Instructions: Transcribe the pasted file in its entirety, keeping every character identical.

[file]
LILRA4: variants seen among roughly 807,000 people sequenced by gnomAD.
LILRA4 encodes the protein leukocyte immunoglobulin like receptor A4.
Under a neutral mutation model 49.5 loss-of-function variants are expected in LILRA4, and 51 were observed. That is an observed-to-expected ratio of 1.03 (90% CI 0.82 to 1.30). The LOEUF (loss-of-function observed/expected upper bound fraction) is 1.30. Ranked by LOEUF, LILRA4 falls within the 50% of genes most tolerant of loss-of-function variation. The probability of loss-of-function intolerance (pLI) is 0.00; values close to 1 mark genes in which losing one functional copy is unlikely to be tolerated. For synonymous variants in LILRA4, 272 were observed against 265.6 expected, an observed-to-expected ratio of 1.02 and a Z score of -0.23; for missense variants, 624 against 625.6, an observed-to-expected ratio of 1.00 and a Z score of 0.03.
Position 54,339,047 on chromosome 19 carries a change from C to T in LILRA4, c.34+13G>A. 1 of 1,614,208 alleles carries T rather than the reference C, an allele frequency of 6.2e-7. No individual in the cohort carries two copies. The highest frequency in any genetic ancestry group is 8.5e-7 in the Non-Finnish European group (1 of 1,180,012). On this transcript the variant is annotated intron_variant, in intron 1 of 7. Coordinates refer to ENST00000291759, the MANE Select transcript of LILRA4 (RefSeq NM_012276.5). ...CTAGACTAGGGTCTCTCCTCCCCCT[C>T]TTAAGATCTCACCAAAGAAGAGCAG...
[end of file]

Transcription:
LILRA4: variants seen among roughly 807,000 people sequenced by gnomAD.
LILRA4 encodes the protein leukocyte immunoglobulin like receptor A4.
Under a neutral mutation model 49.5 loss-of-function variants are expected in LILRA4, and 51 were observed. That is an observed-to-expected ratio of 1.03 (90% CI 0.82 to 1.30). The LOEUF (loss-of-function observed/expected upper bound fraction) is 1.30. Ranked by LOEUF, LILRA4 falls within the 50% of genes most tolerant of loss-of-function variation. The probability of loss-of-function intolerance (pLI) is 0.00; values close to 1 mark genes in which losing one functional copy is unlikely to be tolerated. For synonymous variants in LILRA4, 272 were observed against 265.6 expected, an observed-to-expected ratio of 1.02 and a Z score of -0.23; for missense variants, 624 against 625.6, an observed-to-expected ratio of 1.00 and a Z score of 0.03.
Position 54,339,047 on chromosome 19 carries a change from C to T in LILRA4, c.34+13G>A. 1 of 1,614,208 alleles carries T rather than the reference C, an allele frequency of 6.2e-7. No individual in the cohort carries two copies. The highest frequency in any genetic ancestry group is 8.5e-7 in the Non-Finnish European group (1 of 1,180,012). On this transcript the variant is annotated intron_variant, in intron 1 of 7. Coordinates refer to ENST00000291759, the MANE Select transcript of LILRA4 (RefSeq NM_012276.5). ...CTAGACTAGGGTCTCTCCTCCCCCT[C>T]TTAAGATCTCACCAAAGAAGAGCAG...